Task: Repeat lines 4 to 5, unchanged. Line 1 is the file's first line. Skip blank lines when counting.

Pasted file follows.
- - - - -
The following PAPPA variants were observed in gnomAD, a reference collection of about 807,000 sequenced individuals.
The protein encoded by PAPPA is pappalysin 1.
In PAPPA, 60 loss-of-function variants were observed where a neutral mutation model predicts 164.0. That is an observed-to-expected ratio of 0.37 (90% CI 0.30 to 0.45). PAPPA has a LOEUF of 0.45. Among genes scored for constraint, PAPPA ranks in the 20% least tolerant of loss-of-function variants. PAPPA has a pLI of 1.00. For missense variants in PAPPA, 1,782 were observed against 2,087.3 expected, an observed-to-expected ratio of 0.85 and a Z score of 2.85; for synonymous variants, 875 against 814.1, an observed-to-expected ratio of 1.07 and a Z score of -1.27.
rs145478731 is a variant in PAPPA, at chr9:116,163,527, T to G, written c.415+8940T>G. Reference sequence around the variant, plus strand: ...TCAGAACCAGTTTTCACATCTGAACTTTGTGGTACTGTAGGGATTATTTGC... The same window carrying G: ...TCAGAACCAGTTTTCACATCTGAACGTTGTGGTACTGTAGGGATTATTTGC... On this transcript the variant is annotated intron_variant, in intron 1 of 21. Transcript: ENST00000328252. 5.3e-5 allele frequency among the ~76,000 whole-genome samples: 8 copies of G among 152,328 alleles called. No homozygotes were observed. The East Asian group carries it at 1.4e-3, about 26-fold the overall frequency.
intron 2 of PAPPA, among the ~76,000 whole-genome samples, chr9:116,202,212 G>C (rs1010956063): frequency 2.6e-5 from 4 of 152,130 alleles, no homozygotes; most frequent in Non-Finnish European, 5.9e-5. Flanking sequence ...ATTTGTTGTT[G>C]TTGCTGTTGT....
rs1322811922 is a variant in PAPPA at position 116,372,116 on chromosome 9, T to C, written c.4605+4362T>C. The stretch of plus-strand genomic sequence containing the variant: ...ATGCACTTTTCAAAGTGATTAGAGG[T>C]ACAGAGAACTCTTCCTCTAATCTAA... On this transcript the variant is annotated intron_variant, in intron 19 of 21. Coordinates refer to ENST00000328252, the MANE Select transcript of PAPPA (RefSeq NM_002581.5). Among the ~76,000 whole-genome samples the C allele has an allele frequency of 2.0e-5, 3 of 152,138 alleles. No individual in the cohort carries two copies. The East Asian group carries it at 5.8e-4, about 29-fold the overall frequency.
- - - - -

rs145478731 is a variant in PAPPA, at chr9:116,163,527, T to G, written c.415+8940T>G. Reference sequence around the variant, plus strand: ...TCAGAACCAGTTTTCACATCTGAACTTTGTGGTACTGTAGGGATTATTTGC... The same window carrying G: ...TCAGAACCAGTTTTCACATCTGAACGTTGTGGTACTGTAGGGATTATTTGC... On this transcript the variant is annotated intron_variant, in intron 1 of 21. Transcript: ENST00000328252. 5.3e-5 allele frequency among the ~76,000 whole-genome samples: 8 copies of G among 152,328 alleles called. No homozygotes were observed. The East Asian group carries it at 1.4e-3, about 26-fold the overall frequency.
intron 2 of PAPPA, among the ~76,000 whole-genome samples, chr9:116,202,212 G>C (rs1010956063): frequency 2.6e-5 from 4 of 152,130 alleles, no homozygotes; most frequent in Non-Finnish European, 5.9e-5. Flanking sequence ...ATTTGTTGTT[G>C]TTGCTGTTGT....